The menu featured classic Italian dishes with an abundance of olives, breads, pastas and pizzas.

We began our meal with a selection of mixed olives which were delicious. More interestingly however, was the unique, little, wooden bowl the olives arrived in. It had a main bowl for the olives and a smaller bowl attached to the side to leave the olive stones in. I don’t know why we were only given two toothpicks when there were clearly four of us though.

Calzone with Chicken, Meatballs, Bolognese, Mushrooms, Chilli, Mozzarella and Tomato

Calzone with Chicken and Meatballs

Two ordered the newly featured ‘Rustica’ pizzas which are supposedly thinner, crispier and loaded with more toppings. Myself and another chose to have the calzone, ‘carne piccante’, which contained chicken, meatballs, bolognese, mushrooms, chilli, mozzarella and tomato.

The calzone was spectacular. It was great to find that the dough was crisp and full of flavour because it can sometimes be very dry and bland. The filling was tasty and packed with different herbs and spices. I do feel however that the chefs were a little bit stingy with the meats and a little bit too generous with the chillies. I found myself searching for the one piece of chicken I was given for the entire course of the meal and my final mouthful was ruined by an overload of chilli. This was unfortunate as I did not have much Sicilian lemonade left to help calm my flaming mouth.

Overall, the meal was very good value because we were able to claim a promotional code from VoucherCodes.co.uk which gave us 2 mains for £12.95. I thoroughly enjoyed my time at the restaurant which was definitely a highlight of my Bristol adventure.

The Verdict:

  • Food: 7/10
  • Service: 7/10
  • Atmosphere: 8/10
  • Price: 7.5/10
  • Overall: 7.1/10

If you think Zizzi should open up a restaurant in Southampton, tweet them @WeAreZizzi

Are Dog-Friendly Restaurants Going A Step Too Far?

DogThe Bluebird Restaurant in London has announced that it will be launching a brand new dog-friendly menu as part of it’s ‘VIP Bites and Bones’ event, promising to deliver a whole range of “doggie cocktails, canapés and goodie bags”.

The Bluebird is not the only restaurant seeking to expand its market by catering to the needs of a more hairier clientèle. The Rivington Shoreditch restaurant in east London will be celebrating the Queen’s birthday by rewarding those who show up for lunch with a corgi with a free bottle of prosecco.

George, a members’ club in the capital, held a special party to launch their new dog menu last month. Model, Yasmin Le Bon, and shoe designer, Patrick Cox, brought their pets to be the first to try the canine cuisine, the proceeds from which went to the Dog’s Trust.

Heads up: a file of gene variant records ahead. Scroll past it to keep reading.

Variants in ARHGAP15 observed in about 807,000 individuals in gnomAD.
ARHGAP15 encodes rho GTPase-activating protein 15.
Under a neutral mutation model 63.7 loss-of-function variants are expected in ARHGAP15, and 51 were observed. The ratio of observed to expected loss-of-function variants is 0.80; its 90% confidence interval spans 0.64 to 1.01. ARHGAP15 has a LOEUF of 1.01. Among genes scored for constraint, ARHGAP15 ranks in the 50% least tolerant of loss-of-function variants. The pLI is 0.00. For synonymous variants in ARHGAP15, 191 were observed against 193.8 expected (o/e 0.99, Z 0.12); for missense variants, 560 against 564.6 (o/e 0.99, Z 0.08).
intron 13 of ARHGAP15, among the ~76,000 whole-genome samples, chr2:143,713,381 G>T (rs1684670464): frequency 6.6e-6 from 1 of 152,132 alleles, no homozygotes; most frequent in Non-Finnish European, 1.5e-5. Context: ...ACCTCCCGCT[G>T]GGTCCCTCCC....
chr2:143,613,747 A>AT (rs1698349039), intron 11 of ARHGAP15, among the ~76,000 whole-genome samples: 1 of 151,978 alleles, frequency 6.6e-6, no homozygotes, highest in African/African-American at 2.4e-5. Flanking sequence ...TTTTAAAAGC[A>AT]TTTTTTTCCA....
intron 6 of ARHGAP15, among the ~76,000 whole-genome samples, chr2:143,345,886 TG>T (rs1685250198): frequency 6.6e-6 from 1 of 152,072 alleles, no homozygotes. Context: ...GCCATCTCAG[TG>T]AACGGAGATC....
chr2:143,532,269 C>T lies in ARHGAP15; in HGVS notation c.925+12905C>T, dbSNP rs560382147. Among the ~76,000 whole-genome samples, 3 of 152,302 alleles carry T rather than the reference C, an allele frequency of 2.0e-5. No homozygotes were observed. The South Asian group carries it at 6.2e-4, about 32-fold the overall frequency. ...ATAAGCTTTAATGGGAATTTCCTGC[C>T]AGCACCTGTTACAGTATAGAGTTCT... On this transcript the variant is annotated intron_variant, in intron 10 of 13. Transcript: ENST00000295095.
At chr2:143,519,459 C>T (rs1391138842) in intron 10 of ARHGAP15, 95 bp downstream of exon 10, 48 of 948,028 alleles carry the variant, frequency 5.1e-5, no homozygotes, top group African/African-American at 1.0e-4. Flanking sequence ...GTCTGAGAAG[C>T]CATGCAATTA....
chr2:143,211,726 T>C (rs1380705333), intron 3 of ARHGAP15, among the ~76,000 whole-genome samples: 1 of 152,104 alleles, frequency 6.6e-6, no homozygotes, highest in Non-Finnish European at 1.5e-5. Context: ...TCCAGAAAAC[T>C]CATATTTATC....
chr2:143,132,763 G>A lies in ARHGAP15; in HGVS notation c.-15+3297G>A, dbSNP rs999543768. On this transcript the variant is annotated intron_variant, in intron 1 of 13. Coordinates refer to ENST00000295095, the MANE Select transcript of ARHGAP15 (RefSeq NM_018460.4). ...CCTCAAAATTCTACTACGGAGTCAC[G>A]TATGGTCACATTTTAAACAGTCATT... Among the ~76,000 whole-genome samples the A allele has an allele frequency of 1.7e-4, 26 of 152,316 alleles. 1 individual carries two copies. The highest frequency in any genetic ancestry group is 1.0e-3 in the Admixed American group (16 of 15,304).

These events reflect one of today’s most popular trends, where owners are spending thousands of pounds spoiling and indulging their most-loved pets. But what do diners in Southampton think about the prospect of eating across from a Dalmation sipping on a Long Island Ice Tea?

How do you feel about dining alongside dogs? Tweet your opinions @FongtasticFood

Kachina

A platter of both vegetable and prawn spring rolls, sweet and sour pork, sesame prawn toast, sticky spare ribs, chicken satay, chicken wings, and seaweed with pork floss.

A platter of vegetable and prawn spring rolls, sweet and sour pork, sesame prawn toast, sticky spare ribs, chicken satay, chicken wings, and seaweed with pork floss.

I think it’s important to remind everyone that because I’m from Hong Kong, I’m especially critical when it comes to eating Chinese food in the UK. Most of the time, it doesn’t even remotely resemble any of the food that I’ve ever come across whilst living in Southeast Asia and can often be far too greasy because so much of it is deep-fried (especially if you order a takeaway, the ultimate sin)!

Kachina Chinese Restaurant was exceptional but at the same time a little bit disappointing. We opted for the evening buffet menu which cost £14.99 per person. We did however manage to claim a voucher from their website that gave us a whopping £10 off the total bill!

Although it was buffet, we were only allowed to order as many starters as we liked and then choose one main meal each (hence the greediness disappointment). The spring rolls were lovely and crunchy and so was the sweet and sour pork, but the chicken satay and wings were extremely dry and ended up having to be left.

The spare ribs on the other hand had mixed reviews. I personally found them to have a weird (not horrible, but weird all the same) taste but my partner in crime thought they were “tasty little morsels”. Now don’t even get me started on this sesame prawn toast debacle. Never in my entire life have I ever seen prawn sesame toast in either Hong Kong or China (I’m totally ready and willing to be corrected though) but it can be found in every single Chinese restaurant in the whole of the UK! It doesn’t even taste very nice!!! Nor has seaweed ever been served in a restaurant but oh well… I do love a good bit of algae. Ha.

In conclusion, I don’t think I’ll ever be completely satisfied with Chinese food in England. So I guess I better get used to having to cook it myself… watch this space!